Review of Nagios Systems Monitoring Application
Nagios System Monitoring application is one of the most popular tools used by Sysadmins around the world. Sure it has its issues, or things it hasnt been upgraded to do (like better notifications especially in a smartphone age), but it has proved to be a reliable application none the less.
I have used Nagios for various companies I have worked for for over 10 years now, and the main thing I have always had in my mind when implementing it is to ‘USE IT FOR WHAT IT IS INTENDED’.
This article attempts to detail how a Sysadmin should use Nagios, the environments it is most suited for, and how you can maximise its benefits.
My role as a Sysadmin over the years has been mainly as an Integrator of systems. Having started out in IT 25 years ago from a mainframe background, I have seen how business practices and technology advances have evolved to better meet business needs. As IT technology and infrastructure improved we started to see large companies and corporations migrate their core systems from hugely expensive mainframes in order to get the performance they needed for their applications, to much more modestly priced servers, and then on into modular structure, with multiple servers, performing specific tasks, that together provide the business with the functionality it needs to achieve its goals.
This proliferation of physical quantity of servers had some consequences. Some people would say the major downside could be that multiple servers mean more ways for business functionality to have a problem (2 servers, twice the chance of an issue compared to 1 server… 10 servers, ten times the chances… etc). But any company director would tell you that company priorities and direction are an ever evolving set of things. Whether it is gaining more customers, improving the services it currently provides, looking to expand into new markets, or improving the efficiency of its workforce to meet the corporate challenges that we face.
Long gone are the days of buying a $1million beast of a server that performs all of these tasks, where it works out much more cost effective to buy multiple servers with the hardware and software characteristics best tuned to perform specific elements of a company infrastructure. Whether it is to enable better communication internally or externally with email or other messaging services, administering the company payroll and HR system, giving your company its external facing front end website, providing your marketing team with the reporting tools and statistics it needs, to not only analyse, but improve the way it works or identify new directions and opportunities. Each of these tasks (and many more as well) are distinct roles in the whole business vision, that even in isolation, provide a valuable service for any company.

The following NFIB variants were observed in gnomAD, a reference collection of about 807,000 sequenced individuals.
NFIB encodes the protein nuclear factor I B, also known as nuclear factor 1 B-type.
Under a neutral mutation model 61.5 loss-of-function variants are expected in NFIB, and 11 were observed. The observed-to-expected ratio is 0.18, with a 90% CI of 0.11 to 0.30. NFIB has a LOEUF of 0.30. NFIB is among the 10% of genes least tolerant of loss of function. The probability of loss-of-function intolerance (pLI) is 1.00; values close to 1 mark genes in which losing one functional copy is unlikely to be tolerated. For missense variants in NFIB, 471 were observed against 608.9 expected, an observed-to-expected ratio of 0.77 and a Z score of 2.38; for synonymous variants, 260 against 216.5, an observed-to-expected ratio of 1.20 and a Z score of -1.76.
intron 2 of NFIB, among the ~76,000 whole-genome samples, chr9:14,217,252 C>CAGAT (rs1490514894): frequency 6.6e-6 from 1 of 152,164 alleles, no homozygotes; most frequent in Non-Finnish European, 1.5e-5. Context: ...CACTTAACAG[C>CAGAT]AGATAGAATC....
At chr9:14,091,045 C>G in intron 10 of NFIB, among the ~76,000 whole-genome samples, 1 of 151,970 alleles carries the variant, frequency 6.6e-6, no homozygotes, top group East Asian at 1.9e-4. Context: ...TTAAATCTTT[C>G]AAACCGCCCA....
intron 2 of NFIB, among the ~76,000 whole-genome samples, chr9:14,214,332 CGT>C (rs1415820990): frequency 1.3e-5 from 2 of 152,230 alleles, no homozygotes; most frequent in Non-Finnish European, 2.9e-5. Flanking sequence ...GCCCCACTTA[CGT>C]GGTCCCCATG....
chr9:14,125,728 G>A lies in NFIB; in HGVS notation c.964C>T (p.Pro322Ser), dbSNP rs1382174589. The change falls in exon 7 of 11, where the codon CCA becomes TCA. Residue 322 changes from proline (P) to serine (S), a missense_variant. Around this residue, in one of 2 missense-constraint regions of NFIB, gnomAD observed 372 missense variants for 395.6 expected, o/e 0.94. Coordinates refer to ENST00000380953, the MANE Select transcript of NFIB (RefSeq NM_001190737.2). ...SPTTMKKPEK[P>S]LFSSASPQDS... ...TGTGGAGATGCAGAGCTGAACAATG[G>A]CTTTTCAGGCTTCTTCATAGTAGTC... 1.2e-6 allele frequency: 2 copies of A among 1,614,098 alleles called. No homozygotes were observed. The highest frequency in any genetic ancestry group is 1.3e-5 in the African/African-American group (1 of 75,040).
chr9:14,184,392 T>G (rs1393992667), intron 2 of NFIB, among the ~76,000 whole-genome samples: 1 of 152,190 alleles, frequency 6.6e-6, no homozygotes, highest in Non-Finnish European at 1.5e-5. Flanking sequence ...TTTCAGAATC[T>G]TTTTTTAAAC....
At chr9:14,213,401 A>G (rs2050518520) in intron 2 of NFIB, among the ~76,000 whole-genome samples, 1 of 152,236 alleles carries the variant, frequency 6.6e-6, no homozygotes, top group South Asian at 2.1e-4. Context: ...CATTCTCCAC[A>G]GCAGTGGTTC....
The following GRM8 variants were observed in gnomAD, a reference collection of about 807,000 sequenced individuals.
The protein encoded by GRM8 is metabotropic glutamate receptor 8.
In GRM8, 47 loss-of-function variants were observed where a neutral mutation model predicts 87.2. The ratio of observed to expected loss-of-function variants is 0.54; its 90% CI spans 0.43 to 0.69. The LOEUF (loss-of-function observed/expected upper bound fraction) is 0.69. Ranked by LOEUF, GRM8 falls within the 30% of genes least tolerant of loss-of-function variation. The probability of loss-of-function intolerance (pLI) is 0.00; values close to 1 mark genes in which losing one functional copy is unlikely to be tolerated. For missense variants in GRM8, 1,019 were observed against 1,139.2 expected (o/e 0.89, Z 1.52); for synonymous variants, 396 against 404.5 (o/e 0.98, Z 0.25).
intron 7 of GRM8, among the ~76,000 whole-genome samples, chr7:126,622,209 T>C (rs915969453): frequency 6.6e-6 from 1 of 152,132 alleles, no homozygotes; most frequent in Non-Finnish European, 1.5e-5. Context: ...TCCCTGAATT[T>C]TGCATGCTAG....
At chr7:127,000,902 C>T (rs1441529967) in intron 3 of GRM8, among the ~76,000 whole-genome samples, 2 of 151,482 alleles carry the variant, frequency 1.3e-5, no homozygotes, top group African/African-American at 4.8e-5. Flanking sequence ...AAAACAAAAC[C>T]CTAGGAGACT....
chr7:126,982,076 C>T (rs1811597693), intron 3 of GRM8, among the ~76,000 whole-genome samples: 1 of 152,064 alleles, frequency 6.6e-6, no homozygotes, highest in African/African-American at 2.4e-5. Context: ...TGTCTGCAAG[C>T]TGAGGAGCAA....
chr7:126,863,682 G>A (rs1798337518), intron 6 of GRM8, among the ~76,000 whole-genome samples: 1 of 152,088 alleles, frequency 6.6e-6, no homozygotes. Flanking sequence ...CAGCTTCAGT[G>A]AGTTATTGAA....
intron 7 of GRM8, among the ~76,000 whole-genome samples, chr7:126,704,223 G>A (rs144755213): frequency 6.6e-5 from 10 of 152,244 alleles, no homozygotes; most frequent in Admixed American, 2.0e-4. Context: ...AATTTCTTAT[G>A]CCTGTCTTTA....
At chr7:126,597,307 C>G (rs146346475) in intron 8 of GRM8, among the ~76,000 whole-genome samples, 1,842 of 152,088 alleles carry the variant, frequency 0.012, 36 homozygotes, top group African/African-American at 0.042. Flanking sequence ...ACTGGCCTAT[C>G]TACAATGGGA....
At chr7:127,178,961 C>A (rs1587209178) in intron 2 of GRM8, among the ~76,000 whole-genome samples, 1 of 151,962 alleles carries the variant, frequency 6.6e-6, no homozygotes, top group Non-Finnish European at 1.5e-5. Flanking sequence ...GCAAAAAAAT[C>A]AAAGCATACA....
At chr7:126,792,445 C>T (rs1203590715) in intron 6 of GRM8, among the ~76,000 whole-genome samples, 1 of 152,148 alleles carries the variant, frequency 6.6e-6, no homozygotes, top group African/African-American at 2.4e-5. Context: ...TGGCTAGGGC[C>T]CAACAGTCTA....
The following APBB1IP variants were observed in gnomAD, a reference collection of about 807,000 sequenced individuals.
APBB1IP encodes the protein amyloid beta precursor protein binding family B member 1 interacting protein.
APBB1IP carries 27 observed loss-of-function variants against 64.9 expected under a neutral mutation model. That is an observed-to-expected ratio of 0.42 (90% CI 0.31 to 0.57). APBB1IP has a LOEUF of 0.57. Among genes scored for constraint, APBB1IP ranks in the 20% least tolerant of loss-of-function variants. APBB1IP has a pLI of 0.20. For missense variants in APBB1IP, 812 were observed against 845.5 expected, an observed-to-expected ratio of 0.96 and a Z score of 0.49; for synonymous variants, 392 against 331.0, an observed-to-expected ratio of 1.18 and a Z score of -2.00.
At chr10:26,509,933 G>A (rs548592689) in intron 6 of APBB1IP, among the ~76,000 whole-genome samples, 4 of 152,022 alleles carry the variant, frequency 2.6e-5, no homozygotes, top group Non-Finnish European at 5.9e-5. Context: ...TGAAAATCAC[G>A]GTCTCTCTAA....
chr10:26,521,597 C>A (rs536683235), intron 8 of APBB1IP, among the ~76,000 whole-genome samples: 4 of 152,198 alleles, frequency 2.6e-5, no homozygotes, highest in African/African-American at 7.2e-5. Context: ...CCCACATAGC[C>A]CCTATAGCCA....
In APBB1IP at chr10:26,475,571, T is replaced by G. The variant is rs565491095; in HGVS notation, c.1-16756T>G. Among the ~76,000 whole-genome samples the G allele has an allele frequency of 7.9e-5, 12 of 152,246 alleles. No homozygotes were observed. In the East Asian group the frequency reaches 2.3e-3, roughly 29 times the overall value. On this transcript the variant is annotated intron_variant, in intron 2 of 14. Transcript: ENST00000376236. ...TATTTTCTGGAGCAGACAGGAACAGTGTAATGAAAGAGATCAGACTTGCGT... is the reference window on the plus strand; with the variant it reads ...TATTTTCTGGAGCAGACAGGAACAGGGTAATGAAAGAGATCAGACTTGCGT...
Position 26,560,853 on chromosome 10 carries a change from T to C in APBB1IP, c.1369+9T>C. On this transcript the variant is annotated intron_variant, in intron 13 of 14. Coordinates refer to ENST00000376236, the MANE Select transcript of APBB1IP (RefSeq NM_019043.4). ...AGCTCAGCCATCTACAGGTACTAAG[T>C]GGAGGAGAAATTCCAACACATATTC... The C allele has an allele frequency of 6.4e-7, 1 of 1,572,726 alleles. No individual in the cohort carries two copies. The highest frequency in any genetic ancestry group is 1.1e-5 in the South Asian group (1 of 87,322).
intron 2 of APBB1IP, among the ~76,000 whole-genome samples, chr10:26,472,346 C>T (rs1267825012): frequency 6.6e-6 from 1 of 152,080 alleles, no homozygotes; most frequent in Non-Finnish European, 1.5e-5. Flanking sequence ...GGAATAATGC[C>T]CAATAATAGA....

Have a problem with 1 server now means you do not lose ALL of those elements ive described above, therefore lessening the business impact of any hardware or software problem.
Lets get back to the main topic of this article, but I think it is very important to get things in perspective from a company point of view as opposed to an IT point of view. Your IT infrastructure is only their to help your business achieve its goals.
Linux System Monitoring
One thing that hasnt changed too much in the last 20+ years, is the function of your system administrators and operations IT team. Whether your team is based in your datacentre, or spread around different offices in your country or even globally, they need to have the tools to spot potential issues, and to be able to react appropriately in order to resolve them in a timely manner. This where the multitude of system monitoring tools like Nagios come into play.
Nagios is the most recognised and ‘matured’ product out there, it has 1000s of metrics for you to choose from to measure and alert on the key metrics within your infrastructure from memory usage, disk usage, snmp nodes, number of processes, server load etc etc etc.
Depending on the size of your server suite or organisation structure, Nagios allows you to group hosts or services into groups. I have worked for some large organisations, but can honestly say that I have never had the need or inclination to add that level of configuration and management of it in a live environment. An alert is an alert, and you want to know about it !